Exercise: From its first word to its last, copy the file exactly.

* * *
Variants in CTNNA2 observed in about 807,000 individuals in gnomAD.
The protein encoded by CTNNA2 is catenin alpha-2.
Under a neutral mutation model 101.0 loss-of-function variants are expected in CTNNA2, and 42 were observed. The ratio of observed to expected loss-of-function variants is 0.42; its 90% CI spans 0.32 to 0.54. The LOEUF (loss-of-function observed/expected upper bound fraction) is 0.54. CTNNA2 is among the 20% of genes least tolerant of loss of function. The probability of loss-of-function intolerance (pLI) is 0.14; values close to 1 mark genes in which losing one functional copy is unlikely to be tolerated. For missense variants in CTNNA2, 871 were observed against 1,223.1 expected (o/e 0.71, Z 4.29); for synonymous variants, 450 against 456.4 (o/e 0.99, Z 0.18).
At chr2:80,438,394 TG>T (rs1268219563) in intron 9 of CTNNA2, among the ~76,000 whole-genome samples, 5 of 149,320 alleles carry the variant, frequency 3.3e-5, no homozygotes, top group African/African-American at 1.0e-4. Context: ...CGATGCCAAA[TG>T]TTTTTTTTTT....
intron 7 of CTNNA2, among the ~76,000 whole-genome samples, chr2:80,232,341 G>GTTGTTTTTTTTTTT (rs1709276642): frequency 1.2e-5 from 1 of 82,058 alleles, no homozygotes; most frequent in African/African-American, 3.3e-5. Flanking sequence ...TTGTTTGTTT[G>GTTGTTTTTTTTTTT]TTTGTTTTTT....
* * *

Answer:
Variants in CTNNA2 observed in about 807,000 individuals in gnomAD.
The protein encoded by CTNNA2 is catenin alpha-2.
Under a neutral mutation model 101.0 loss-of-function variants are expected in CTNNA2, and 42 were observed. The ratio of observed to expected loss-of-function variants is 0.42; its 90% CI spans 0.32 to 0.54. The LOEUF (loss-of-function observed/expected upper bound fraction) is 0.54. CTNNA2 is among the 20% of genes least tolerant of loss of function. The probability of loss-of-function intolerance (pLI) is 0.14; values close to 1 mark genes in which losing one functional copy is unlikely to be tolerated. For missense variants in CTNNA2, 871 were observed against 1,223.1 expected (o/e 0.71, Z 4.29); for synonymous variants, 450 against 456.4 (o/e 0.99, Z 0.18).
At chr2:80,438,394 TG>T (rs1268219563) in intron 9 of CTNNA2, among the ~76,000 whole-genome samples, 5 of 149,320 alleles carry the variant, frequency 3.3e-5, no homozygotes, top group African/African-American at 1.0e-4. Context: ...CGATGCCAAA[TG>T]TTTTTTTTTT....
intron 7 of CTNNA2, among the ~76,000 whole-genome samples, chr2:80,232,341 G>GTTGTTTTTTTTTTT (rs1709276642): frequency 1.2e-5 from 1 of 82,058 alleles, no homozygotes; most frequent in African/African-American, 3.3e-5. Flanking sequence ...TTGTTTGTTT[G>GTTGTTTTTTTTTTT]TTTGTTTTTT....